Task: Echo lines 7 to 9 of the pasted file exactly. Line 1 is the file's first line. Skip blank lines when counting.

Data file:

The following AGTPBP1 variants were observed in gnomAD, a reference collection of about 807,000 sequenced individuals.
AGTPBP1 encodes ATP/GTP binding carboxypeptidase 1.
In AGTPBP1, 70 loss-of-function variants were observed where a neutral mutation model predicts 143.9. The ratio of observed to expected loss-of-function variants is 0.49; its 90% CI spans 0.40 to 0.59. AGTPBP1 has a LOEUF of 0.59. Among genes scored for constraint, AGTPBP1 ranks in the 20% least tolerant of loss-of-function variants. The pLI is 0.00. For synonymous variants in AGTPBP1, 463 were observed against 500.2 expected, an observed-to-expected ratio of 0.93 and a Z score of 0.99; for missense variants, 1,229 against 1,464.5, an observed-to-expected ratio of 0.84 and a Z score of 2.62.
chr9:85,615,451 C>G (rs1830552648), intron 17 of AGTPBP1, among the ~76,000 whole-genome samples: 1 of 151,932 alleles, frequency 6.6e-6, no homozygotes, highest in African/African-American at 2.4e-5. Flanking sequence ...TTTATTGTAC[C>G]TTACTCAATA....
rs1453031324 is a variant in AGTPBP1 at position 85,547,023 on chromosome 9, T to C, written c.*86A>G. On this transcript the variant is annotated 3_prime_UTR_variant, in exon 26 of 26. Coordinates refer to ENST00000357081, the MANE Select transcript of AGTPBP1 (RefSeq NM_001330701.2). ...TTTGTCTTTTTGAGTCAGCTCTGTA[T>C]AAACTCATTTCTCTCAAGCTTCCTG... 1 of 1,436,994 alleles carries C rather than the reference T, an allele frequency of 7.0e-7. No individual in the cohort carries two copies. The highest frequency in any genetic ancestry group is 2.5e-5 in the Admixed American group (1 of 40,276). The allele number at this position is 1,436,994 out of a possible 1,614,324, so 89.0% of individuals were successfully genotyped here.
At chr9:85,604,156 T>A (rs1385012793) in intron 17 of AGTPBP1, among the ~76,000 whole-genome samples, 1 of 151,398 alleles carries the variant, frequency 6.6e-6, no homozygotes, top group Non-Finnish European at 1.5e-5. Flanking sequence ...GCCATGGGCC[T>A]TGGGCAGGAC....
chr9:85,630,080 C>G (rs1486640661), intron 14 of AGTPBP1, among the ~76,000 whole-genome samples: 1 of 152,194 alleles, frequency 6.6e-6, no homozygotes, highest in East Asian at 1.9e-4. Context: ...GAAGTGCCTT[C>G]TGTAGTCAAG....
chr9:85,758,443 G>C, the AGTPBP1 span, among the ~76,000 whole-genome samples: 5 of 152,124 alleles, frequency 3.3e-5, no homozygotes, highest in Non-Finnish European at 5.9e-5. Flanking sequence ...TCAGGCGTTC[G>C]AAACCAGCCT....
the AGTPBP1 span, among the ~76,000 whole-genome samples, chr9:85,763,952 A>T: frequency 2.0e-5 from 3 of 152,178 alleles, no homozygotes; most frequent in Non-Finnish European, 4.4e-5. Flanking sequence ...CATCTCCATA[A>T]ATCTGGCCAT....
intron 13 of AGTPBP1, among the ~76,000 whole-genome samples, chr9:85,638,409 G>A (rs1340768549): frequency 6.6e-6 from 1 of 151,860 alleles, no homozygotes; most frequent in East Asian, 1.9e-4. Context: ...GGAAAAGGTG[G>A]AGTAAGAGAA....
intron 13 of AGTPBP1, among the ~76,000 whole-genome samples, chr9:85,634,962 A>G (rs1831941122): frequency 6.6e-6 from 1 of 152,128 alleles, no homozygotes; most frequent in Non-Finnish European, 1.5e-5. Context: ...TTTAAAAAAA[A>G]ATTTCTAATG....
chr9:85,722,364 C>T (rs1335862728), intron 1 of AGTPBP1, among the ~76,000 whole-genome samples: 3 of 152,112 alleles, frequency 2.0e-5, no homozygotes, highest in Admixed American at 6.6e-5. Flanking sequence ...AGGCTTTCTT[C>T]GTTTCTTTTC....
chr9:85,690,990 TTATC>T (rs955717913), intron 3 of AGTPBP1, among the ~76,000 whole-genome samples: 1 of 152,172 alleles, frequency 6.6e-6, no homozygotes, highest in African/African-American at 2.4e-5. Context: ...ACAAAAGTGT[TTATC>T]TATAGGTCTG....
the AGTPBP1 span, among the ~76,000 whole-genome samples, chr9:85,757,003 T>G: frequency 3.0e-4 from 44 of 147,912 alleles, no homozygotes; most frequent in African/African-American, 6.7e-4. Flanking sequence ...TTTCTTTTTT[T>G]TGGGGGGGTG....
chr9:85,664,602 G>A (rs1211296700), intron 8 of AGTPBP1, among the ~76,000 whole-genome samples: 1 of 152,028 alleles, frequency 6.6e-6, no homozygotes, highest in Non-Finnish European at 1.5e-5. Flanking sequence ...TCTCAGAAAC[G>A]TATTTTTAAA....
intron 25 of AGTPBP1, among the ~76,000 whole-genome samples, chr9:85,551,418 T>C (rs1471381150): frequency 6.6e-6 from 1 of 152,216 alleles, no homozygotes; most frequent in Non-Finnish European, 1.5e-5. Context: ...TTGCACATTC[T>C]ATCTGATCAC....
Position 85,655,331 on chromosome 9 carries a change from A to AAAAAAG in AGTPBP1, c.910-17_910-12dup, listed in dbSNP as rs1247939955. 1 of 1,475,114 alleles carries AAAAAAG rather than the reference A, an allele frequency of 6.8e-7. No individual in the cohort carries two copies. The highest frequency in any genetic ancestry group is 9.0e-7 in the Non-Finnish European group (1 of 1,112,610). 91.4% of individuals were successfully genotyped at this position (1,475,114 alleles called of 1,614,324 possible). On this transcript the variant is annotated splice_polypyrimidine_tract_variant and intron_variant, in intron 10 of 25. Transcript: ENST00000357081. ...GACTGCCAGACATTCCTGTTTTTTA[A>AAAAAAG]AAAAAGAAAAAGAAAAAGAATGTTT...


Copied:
chr9:85,630,080 C>G (rs1486640661), intron 14 of AGTPBP1, among the ~76,000 whole-genome samples: 1 of 152,194 alleles, frequency 6.6e-6, no homozygotes, highest in East Asian at 1.9e-4. Context: ...GAAGTGCCTT[C>G]TGTAGTCAAG....
chr9:85,758,443 G>C, the AGTPBP1 span, among the ~76,000 whole-genome samples: 5 of 152,124 alleles, frequency 3.3e-5, no homozygotes, highest in Non-Finnish European at 5.9e-5. Flanking sequence ...TCAGGCGTTC[G>C]AAACCAGCCT....
the AGTPBP1 span, among the ~76,000 whole-genome samples, chr9:85,763,952 A>T: frequency 2.0e-5 from 3 of 152,178 alleles, no homozygotes; most frequent in Non-Finnish European, 4.4e-5. Flanking sequence ...CATCTCCATA[A>T]ATCTGGCCAT....